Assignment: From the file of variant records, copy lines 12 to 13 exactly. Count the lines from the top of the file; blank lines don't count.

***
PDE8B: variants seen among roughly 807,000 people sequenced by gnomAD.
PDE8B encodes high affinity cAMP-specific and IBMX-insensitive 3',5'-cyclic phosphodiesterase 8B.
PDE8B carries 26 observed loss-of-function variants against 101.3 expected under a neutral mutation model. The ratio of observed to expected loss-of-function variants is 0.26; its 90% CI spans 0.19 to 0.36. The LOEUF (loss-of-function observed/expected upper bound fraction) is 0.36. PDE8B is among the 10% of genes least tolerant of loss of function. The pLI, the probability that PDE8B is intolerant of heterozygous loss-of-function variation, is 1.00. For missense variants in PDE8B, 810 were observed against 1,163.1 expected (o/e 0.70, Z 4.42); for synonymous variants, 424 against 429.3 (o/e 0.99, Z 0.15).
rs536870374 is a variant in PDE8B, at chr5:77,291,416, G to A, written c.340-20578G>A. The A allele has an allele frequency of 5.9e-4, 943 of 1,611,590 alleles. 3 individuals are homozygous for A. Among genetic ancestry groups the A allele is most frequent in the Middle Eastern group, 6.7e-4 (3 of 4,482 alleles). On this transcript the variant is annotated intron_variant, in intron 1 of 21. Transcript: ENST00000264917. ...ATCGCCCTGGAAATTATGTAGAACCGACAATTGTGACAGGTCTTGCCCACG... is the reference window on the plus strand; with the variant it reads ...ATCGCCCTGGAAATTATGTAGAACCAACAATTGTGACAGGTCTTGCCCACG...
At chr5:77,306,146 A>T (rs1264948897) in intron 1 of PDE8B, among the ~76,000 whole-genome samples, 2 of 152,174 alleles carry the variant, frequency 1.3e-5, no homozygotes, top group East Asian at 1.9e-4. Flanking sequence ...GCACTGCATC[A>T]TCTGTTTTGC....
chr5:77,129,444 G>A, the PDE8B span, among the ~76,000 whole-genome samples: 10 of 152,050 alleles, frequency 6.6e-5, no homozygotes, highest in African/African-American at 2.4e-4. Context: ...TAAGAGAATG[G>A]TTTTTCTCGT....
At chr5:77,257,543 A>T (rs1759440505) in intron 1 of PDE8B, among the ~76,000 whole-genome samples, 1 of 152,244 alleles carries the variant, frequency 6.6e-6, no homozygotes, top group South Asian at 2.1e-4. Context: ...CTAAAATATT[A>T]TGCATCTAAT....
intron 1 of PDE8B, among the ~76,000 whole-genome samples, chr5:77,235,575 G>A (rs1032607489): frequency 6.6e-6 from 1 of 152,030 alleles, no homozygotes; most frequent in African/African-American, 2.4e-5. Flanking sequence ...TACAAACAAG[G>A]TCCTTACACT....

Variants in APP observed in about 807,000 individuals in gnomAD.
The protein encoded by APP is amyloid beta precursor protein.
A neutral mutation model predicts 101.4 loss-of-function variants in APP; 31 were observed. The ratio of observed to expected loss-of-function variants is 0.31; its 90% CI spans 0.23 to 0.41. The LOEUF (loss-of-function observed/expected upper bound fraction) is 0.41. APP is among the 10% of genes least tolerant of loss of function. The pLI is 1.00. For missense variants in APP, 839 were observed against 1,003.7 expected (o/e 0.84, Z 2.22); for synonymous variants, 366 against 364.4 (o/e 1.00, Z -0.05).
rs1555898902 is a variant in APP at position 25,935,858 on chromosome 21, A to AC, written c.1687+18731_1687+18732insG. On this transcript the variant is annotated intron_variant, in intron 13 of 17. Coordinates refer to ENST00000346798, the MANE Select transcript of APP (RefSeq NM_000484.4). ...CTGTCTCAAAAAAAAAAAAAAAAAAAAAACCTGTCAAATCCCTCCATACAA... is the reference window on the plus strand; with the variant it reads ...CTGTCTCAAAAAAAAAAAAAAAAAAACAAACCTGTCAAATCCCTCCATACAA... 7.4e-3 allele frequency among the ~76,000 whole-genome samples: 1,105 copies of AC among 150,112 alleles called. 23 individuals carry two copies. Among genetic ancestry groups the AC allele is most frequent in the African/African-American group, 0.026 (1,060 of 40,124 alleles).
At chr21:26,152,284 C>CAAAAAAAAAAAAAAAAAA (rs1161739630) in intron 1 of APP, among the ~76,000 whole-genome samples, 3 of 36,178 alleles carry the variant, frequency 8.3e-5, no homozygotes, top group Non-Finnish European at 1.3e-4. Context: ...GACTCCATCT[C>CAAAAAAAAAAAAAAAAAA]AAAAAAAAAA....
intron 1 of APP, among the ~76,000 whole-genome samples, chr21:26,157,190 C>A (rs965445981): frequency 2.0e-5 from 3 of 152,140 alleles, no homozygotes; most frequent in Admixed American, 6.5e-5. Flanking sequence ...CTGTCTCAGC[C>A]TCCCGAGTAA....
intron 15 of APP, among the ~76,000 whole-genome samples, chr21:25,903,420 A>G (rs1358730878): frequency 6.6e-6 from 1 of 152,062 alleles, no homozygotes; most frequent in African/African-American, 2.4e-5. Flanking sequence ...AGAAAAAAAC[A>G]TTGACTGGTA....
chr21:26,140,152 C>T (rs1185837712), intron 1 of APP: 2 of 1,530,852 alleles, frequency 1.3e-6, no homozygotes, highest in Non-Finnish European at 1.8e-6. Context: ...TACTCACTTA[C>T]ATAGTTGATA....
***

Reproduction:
rs1555898902 is a variant in APP at position 25,935,858 on chromosome 21, A to AC, written c.1687+18731_1687+18732insG. On this transcript the variant is annotated intron_variant, in intron 13 of 17. Coordinates refer to ENST00000346798, the MANE Select transcript of APP (RefSeq NM_000484.4). ...CTGTCTCAAAAAAAAAAAAAAAAAAAAAACCTGTCAAATCCCTCCATACAA... is the reference window on the plus strand; with the variant it reads ...CTGTCTCAAAAAAAAAAAAAAAAAAACAAACCTGTCAAATCCCTCCATACAA... 7.4e-3 allele frequency among the ~76,000 whole-genome samples: 1,105 copies of AC among 150,112 alleles called. 23 individuals carry two copies. Among genetic ancestry groups the AC allele is most frequent in the African/African-American group, 0.026 (1,060 of 40,124 alleles).
At chr21:26,152,284 C>CAAAAAAAAAAAAAAAAAA (rs1161739630) in intron 1 of APP, among the ~76,000 whole-genome samples, 3 of 36,178 alleles carry the variant, frequency 8.3e-5, no homozygotes, top group Non-Finnish European at 1.3e-4. Context: ...GACTCCATCT[C>CAAAAAAAAAAAAAAAAAA]AAAAAAAAAA....